Revitalizing Indigenous Perspective in Design
Friday, 4 October 2019
7:00 PM – 10:00 PM CDT
Urban Shaman Inc.,
290 McDermot Avenue,
Winnipeg, MB R3B 0T2
FUCK THE STEREOTYPE: Describing the perspective of Indigenous ideology in visual communication is very challenging—especially to an audience who does not understand the harm of cultural appropriation. Indigenous sensitivity to appropriation is not taken into consideration when designing for representational material or identifying a traditional presence in the common world. Native Americans rely on stereotypes to distinguish themselves from other cultures. The struggle to display an accurate tribal identity derives from oppression and historical trauma through western education. American Indian boarding schools erased the traditional image of a Native American that left tribal students uncertain of who they were as people.
As Indigenous peoples progress from the American Indian Boarding School era, the urge to distinct tribes from Pan-Indianism forces a greater responsibility from indigenous designers to visually communicate sovereignty. The role of an indigenous visual communicator requires the practice of visual sovereignty, or decolonizing the stereotypical representation into a traditional image for cultural education. Indigenous visual communicators have the power to give Native Americans a respected-face in the world by revealing tribal visual languages in visual communication. The rising movement of visual sovereignty in indigenous visual communication has revolutionized a new fight against stereotypes and continues to revitalize an honorable image away from the subordinate portrayal of indigenous peoples.
- How the eras of American Indian boarding schools, Hollywood’s Westerns, Pan-Indianism, American Indian Movement, and the Seventh Generation shaped the ethics of Indigenous perspective in visual communication.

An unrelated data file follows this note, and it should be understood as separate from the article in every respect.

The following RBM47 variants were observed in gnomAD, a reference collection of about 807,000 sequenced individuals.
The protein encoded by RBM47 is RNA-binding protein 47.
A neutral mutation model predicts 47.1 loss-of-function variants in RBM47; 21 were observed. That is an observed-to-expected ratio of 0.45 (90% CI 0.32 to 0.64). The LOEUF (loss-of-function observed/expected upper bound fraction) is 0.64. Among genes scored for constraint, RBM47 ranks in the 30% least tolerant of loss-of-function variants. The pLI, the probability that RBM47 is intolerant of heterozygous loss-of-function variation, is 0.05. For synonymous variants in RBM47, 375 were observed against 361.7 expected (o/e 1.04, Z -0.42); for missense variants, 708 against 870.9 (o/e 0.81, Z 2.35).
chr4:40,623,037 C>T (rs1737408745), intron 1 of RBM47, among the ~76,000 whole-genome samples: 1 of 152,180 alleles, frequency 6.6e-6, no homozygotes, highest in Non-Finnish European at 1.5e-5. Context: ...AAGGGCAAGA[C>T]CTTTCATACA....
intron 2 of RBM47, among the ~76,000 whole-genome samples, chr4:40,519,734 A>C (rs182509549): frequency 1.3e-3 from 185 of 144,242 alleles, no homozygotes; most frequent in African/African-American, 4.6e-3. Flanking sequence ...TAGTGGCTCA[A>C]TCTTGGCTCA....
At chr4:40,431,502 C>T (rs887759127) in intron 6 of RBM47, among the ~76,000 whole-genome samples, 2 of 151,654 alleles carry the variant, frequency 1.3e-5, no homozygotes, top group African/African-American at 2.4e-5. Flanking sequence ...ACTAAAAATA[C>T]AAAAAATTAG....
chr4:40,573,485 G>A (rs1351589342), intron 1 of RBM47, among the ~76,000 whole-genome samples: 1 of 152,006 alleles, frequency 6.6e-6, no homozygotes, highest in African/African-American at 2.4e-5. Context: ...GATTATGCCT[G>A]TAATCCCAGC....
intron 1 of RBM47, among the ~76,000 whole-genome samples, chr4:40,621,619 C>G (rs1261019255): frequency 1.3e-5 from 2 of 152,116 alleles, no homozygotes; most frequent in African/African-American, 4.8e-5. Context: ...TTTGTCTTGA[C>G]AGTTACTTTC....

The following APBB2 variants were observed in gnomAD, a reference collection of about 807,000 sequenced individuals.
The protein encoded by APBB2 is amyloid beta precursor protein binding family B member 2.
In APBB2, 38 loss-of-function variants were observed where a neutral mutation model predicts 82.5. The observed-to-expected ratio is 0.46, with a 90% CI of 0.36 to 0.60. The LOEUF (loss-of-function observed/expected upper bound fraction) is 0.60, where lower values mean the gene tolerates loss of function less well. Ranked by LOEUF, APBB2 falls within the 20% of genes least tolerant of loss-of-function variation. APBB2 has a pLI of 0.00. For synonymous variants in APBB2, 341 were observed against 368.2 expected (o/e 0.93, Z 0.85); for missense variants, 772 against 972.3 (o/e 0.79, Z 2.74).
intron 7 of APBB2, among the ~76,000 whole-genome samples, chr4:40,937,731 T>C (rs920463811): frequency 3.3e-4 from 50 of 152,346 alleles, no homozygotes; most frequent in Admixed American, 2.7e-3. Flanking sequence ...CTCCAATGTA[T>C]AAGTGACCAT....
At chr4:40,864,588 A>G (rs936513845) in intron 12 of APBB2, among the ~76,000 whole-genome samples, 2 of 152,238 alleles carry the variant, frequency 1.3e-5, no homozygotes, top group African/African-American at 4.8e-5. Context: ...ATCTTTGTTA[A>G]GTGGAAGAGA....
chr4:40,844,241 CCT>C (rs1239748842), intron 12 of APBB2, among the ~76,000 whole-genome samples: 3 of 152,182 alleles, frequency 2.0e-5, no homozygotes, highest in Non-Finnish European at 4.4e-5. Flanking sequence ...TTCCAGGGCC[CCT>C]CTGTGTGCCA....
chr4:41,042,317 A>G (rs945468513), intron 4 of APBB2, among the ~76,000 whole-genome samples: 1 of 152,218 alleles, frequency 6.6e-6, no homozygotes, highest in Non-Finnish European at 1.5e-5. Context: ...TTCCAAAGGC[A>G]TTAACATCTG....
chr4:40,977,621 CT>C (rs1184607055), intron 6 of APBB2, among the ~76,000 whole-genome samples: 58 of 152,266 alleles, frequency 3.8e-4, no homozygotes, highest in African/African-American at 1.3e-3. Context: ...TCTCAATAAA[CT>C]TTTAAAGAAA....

- The importance of a decolonizing tribal identity in visual communication for Native and Non-Native audiences.
- Why visual communication requires practices of decolonization, visual sovereignty, and repatriation to accurately portray an indigenous perspective in media.
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Ticket by donation to the Cheryl Lynn Rutledge Northern Indigenous Student Award, part of the Graphic Designs of Canada Foundation, minus processing fees.
Saturday, 5 October 2019
10:00 AM – 4:00 PM CDT
ARTlab, University of Manitoba,
180 Dafoe Road West,
Winnipeg, MB R3T 6B3
Participants will incorporate ideas and new knowledge from the presentation into the design of new tribal flags. With an emphasis on her concept of visual sovereignty, Sadie will help participants to identify stereotypical signs, symbols and images on existing tribal flags in order to redesign flag that are visually respectful to tribal culture, language and cosmologies.
Goals of the Workshop
- Participants will understand the differences between visual sovereignty and stereotypical signs when addressing sovereign nation representation
- Participants will practice appropriate, respectful, and accurate visual representation methods when designing for an indigenous audience
- Participants will develop greater terminology when practicing visual sovereign messaging, community-based design, and designing for future generations.
- Understand what it means to be an underrepresented or underserved designer
- Develop a better language when addressing the lack of diversity in a workspace
- Relating an indigenous perspective in design to other underrepresented perspectives in design
- Introduce the concept of “decolonization” in design
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About Sadie Red Wing
Sadie Red Wing (sadieredwing.com) is a Lakota graphic designer and advocate from the Spirit Lake Nation of Fort Totten, North Dakota. Red Wing earned her BFA in New Media Arts and Interactive Design at the Institute of American Indian Arts. She received her Master of Graphic Design from North Carolina State University. Her research on cultural revitalization through design tools and strategies created a new demand for tribal competence in graphic design research. Red Wing urges Native American graphic designers to express visual sovereignty in their design work, as well as, encourages academia to include an indigenous perspective in design curriculum.
Her work has been featured on AIGA’s Eye on Design: “Why Can’t the U.S. Decolonize Its Design Education?” (2017), Communication Arts: “Decolonizing Native American Design” (2017), and The World Policy Journal: “United Nation’s Declaration on the Rights of Indigenous Peoples” (2018).